Q. How does the Cisco MXE 3000 handle video that does not contain audio?
A. You can use two techniques to encode video that has no audio. Some encoders support video-only output. In the client user interface, right-click the Encoder tab, and check the Video only option. If the format does not support video only (in the client user interface the video only option is grayed out), you can add a silent audio track on the Preprocessor tab.
Q. Why do video files that have no audio fail to encode by default?
A. Video files typically have audio tracks. Failing jobs that do not have audio as a default setting is a technique to ensure that all video has an audio track. If this behavior is not the desired behavior, on the Preprocessor tab, Audio subtab, check the Add a Silent Audio Track box. If an audio track is present, it will be maintained. If no audio is present, a silent audio track will be added.
Q. Does the frame rate of my output files have to match the frame rate of my input files?
A. No. The Cisco MXE 3000 adds or drops frames of video as required to equal the output frame rate requested. To ensure the smoothest possible output, video frame rates should be divided or multiplied by even numbers.
Q. Can the Cisco MXE 3000 convert frame rates from 25 to 29.97 fps or 29.97 to 25 fps?
A. Yes. The Cisco MXE 3000 adds or drops frames of video as required to convert video from 25 to 29.97 fps, or conversely. Although this frame-rate method provides acceptable quality, the conversion is not a vector-based frame-rate converter. If the video has fast-moving motion, the picture may appear jittery.
Q. Can I increase or decrease the frame size of my output video when compared to my input video?
A. Yes. Reducing the frame size of the video is a common technique used to improve perceived video quality at lower bit rates. You can also increase the frame size from the original, but you will see a corresponding reduction in video quality. This reduction is often acceptable if the video content is compelling and a larger frame size is required to match the video display method. An example is increasing the size of video captured with a cell phone to play back on TV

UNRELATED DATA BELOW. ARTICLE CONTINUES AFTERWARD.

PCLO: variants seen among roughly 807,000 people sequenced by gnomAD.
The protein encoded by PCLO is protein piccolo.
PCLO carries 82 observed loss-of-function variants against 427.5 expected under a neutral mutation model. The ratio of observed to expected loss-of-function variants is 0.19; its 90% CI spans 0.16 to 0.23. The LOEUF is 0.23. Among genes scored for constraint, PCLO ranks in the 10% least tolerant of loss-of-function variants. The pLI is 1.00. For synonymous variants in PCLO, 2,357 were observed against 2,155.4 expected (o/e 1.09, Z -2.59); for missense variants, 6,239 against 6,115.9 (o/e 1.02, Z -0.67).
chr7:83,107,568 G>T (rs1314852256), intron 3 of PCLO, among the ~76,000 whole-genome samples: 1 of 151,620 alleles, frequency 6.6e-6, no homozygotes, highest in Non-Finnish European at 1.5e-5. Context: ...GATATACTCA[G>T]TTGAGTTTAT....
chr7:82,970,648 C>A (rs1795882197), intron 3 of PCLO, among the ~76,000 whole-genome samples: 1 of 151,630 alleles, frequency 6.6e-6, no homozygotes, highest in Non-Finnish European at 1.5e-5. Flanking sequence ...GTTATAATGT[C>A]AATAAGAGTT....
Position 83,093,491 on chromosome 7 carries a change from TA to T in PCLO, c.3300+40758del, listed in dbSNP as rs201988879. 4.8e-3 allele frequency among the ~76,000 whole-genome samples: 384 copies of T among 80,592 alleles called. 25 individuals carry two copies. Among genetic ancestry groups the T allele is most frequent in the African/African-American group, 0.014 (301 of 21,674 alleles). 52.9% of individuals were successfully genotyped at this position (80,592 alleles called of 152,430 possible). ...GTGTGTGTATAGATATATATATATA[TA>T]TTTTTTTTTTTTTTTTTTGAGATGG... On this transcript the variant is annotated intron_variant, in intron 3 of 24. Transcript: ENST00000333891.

Q. Can I convert video with a 4 x 3 aspect ratio to video with a 16 x 9 aspect ratio?
A. Yes. The Cisco MXE 3000 offers three methods to convert 4 x 3 video to 16 x 9 video. You can add curtains (black bars are added on each side of the video) or a nonlinear stretch that increases the width of objects that are not in the center of the video frame, or you can apply a linear stretch that increases the width of all objects equally. You can preview the effect of each of these options in the Preview window when creating job profiles.
Q. Can I convert video with a 16 x 9 aspect ratio to video with a 4 x 3 aspect ratio?
A. Yes. You can crop 16 x 9 video to remove the video on the edges of the screen to change the aspect ratio of the video to 4 x 3. You can also letter-box the video (add black bars above and below the video). The video has a 4 x 3 aspect ratio, but the content maintains a 16 x 9 aspect ratio.

Video Preprocessing

Q. What is video preprocessing?
A. Traditional transcoding solutions produce transcoded content that is only as good in quality as the source footage. However, when video is acquired outside studio settings, the quality of the source footage can be less than ideal. The Cisco MXE 3000 supports a variety of preprocessing features that allow you to significantly improve the quality of the transcoded content relative to the source footage. These preprocessing features can edit video in a variety of ways.
Q. What type of video editing features does the Cisco MXE 3000 support?

• Selecting footage to process from a larger file: You can mark the point in time, relative to the beginning of the clip, to start encoding. You can mark "in points" and "out points" (expressed as time intervals) on video footage to encode only a section of a larger file. After these parameters are specified, the Cisco MXE 3000 knows to discard the portions of the video prior to the in point and following the out point.

• Inserting transitions between clips: You can determine the number of seconds to fade in from black to full brightness at the beginning of the video clip or fade out at the end of the clip. You can append the specified fade-in time to the beginning of the preprocessed file, including any bumpers that you add, but you should append the fade-out time to the end of a trailer.

• Cropping: Use crop settings to trim unwanted material from the outer edges of the incoming video image.

• Bumpers and trailers: If you need to append clips before or after video footage, you can apply bumpers and trailers. You can specify the file to be used as a bumper or trailer at the introduction or conclusion of the encoded clip, respectively. You can use movie files of any Cisco MXE 3000 supported format or still files as bumpers and trailers.